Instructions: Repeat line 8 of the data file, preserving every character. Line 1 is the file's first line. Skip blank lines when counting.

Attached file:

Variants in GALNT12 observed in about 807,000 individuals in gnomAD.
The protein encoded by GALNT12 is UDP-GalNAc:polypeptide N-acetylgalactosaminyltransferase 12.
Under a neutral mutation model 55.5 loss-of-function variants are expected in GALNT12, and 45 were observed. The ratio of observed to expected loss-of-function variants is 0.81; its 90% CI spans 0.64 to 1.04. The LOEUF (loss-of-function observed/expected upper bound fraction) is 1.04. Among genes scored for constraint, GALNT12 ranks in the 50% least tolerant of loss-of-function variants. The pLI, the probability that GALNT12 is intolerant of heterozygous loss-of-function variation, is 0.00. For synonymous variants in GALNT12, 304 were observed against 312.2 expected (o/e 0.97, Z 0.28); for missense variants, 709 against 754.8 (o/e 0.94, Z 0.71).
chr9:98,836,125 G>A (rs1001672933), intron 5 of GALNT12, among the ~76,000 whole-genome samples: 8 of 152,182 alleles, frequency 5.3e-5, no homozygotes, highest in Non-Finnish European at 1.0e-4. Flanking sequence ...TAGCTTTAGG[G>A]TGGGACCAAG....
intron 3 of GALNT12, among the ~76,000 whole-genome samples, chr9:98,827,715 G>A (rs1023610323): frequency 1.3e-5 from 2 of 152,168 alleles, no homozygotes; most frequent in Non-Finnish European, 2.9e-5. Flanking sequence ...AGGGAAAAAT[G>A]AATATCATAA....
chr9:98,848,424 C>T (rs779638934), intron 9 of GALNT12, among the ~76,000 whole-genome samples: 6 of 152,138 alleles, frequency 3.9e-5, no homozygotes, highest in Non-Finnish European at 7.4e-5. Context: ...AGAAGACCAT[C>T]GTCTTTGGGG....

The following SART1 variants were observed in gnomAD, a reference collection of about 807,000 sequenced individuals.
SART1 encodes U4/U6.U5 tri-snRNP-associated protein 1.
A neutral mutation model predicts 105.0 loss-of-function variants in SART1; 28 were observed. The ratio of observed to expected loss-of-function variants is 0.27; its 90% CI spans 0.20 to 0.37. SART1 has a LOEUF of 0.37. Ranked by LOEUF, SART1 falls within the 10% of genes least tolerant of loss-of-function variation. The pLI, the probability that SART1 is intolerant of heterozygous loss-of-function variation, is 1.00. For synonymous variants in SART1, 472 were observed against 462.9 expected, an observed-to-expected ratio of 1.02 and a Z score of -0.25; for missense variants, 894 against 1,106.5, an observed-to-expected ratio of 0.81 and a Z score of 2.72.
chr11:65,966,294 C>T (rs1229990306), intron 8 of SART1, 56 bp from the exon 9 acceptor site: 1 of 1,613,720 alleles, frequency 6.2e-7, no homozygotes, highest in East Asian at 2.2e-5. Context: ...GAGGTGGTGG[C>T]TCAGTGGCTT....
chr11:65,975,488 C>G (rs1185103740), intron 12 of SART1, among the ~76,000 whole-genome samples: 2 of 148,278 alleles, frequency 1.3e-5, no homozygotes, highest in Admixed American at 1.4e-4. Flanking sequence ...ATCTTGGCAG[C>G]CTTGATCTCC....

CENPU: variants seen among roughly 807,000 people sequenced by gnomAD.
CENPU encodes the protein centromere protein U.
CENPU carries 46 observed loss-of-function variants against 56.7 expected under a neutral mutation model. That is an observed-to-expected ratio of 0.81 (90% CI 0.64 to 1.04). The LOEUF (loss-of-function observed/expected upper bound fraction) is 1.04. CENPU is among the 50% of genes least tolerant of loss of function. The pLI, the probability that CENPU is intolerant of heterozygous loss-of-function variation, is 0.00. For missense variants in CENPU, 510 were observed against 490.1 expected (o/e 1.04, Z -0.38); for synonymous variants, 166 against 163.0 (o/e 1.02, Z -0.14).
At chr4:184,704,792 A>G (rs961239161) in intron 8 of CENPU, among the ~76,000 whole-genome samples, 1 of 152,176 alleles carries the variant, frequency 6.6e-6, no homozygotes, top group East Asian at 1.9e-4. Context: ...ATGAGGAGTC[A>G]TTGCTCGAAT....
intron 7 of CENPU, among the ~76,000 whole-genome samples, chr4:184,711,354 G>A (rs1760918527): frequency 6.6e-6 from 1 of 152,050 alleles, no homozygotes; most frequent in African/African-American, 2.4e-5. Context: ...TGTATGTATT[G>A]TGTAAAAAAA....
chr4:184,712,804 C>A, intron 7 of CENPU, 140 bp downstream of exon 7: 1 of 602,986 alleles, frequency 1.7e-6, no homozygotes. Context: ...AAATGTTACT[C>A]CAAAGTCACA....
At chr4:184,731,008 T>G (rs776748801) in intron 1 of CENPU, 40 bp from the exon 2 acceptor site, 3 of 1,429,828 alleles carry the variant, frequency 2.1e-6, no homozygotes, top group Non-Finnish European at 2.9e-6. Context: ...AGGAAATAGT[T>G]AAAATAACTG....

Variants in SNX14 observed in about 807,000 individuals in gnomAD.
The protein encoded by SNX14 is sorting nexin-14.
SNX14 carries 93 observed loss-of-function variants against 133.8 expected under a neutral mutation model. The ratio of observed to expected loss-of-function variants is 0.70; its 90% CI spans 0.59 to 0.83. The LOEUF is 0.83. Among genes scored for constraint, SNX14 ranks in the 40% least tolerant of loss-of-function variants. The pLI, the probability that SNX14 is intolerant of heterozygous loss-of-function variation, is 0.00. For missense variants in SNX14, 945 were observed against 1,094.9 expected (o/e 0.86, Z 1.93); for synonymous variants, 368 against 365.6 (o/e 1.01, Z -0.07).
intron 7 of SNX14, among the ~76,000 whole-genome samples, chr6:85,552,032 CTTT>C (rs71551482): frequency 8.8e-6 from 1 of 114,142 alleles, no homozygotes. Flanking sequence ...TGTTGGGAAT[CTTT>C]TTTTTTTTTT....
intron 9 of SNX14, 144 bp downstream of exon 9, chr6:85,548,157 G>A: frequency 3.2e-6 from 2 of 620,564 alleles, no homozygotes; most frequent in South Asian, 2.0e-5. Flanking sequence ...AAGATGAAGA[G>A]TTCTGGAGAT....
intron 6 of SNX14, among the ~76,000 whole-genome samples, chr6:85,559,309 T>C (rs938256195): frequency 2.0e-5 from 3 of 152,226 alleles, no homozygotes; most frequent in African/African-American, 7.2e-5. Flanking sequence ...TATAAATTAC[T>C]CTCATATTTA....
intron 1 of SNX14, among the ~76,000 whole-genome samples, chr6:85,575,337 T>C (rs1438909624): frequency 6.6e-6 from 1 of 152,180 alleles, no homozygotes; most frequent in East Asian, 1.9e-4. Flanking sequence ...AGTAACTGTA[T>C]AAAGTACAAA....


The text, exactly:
SART1 encodes U4/U6.U5 tri-snRNP-associated protein 1.